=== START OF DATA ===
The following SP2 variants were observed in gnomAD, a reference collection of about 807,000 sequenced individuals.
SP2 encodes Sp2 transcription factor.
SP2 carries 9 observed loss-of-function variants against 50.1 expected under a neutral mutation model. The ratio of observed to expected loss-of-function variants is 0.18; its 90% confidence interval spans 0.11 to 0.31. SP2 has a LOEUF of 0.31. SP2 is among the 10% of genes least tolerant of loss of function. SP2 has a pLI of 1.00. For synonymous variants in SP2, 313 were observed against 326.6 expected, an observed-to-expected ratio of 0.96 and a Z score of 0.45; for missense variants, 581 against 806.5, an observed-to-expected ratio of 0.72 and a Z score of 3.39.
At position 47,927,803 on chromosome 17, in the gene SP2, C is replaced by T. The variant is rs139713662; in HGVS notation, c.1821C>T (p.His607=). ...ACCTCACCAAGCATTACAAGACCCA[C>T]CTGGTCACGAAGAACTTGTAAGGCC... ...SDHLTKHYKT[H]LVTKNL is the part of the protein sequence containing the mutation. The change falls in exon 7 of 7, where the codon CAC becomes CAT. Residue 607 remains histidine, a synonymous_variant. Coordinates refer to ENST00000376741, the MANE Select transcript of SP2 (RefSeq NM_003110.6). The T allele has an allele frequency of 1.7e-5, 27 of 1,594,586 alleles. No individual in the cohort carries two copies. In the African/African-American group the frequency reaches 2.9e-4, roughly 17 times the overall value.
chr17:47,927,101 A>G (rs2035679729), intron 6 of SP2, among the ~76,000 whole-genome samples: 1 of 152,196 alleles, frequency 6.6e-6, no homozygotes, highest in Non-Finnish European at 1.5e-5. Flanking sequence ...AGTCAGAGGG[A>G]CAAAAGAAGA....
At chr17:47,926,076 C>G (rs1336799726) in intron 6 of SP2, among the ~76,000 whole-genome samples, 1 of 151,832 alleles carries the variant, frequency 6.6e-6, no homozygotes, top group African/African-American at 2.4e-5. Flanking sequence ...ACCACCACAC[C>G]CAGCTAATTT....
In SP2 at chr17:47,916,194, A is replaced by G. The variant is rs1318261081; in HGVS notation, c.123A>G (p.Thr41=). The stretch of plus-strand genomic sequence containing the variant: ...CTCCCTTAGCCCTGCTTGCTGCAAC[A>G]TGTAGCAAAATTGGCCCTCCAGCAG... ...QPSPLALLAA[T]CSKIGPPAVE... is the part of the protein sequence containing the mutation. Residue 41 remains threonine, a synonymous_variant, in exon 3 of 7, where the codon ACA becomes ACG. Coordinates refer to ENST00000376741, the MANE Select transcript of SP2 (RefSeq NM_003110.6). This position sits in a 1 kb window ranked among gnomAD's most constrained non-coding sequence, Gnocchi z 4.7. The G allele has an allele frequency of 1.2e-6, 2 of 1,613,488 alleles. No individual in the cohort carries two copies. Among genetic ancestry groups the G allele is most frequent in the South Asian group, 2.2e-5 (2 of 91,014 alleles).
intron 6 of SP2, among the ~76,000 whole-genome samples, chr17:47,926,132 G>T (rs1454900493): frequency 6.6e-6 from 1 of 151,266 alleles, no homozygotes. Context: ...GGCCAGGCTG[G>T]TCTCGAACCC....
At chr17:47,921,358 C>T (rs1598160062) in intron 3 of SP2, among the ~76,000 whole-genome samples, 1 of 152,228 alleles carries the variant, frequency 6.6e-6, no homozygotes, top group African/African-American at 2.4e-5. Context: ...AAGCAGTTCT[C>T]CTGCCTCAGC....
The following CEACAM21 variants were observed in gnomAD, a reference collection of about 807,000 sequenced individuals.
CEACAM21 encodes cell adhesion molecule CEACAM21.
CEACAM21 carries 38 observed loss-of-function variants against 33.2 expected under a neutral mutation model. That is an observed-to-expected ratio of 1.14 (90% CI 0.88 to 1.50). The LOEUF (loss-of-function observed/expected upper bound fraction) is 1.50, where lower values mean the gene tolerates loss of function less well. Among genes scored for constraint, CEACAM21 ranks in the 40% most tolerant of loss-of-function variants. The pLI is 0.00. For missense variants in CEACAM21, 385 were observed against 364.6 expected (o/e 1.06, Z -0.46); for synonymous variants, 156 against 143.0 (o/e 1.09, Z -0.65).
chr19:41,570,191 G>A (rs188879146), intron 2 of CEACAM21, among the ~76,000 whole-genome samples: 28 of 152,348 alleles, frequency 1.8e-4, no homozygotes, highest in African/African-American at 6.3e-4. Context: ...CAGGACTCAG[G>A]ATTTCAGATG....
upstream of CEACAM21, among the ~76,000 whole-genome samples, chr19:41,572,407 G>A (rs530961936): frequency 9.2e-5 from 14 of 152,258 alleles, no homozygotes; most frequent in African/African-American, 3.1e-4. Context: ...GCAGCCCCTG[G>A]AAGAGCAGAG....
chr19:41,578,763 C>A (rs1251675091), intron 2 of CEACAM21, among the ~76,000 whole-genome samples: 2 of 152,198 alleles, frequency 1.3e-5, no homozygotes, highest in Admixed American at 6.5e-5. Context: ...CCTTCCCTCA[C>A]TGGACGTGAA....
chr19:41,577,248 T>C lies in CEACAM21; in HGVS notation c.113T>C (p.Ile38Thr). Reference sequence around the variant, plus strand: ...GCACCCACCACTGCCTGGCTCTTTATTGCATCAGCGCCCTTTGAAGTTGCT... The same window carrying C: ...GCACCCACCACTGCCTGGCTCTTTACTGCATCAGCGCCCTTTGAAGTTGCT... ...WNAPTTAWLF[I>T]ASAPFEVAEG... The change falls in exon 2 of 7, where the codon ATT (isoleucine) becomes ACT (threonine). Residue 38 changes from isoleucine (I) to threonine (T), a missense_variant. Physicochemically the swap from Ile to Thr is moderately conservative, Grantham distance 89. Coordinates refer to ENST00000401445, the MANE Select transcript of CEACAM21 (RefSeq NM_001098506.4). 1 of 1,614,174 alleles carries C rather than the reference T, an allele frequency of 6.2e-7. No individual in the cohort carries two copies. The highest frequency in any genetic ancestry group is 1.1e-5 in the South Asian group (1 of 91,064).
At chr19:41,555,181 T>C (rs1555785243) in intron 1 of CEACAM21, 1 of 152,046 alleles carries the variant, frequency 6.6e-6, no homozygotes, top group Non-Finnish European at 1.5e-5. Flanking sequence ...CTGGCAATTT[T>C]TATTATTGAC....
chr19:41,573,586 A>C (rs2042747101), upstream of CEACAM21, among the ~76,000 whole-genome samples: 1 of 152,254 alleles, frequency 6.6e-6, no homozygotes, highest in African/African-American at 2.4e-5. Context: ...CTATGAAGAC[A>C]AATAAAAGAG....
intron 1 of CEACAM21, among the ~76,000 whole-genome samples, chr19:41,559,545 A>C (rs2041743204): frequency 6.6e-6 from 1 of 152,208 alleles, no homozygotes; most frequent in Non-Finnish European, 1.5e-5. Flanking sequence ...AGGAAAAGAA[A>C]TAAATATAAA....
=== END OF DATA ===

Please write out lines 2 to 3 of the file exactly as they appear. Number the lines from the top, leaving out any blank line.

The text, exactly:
SP2 encodes Sp2 transcription factor.
SP2 carries 9 observed loss-of-function variants against 50.1 expected under a neutral mutation model. The ratio of observed to expected loss-of-function variants is 0.18; its 90% confidence interval spans 0.11 to 0.31. SP2 has a LOEUF of 0.31. SP2 is among the 10% of genes least tolerant of loss of function. SP2 has a pLI of 1.00. For synonymous variants in SP2, 313 were observed against 326.6 expected, an observed-to-expected ratio of 0.96 and a Z score of 0.45; for missense variants, 581 against 806.5, an observed-to-expected ratio of 0.72 and a Z score of 3.39.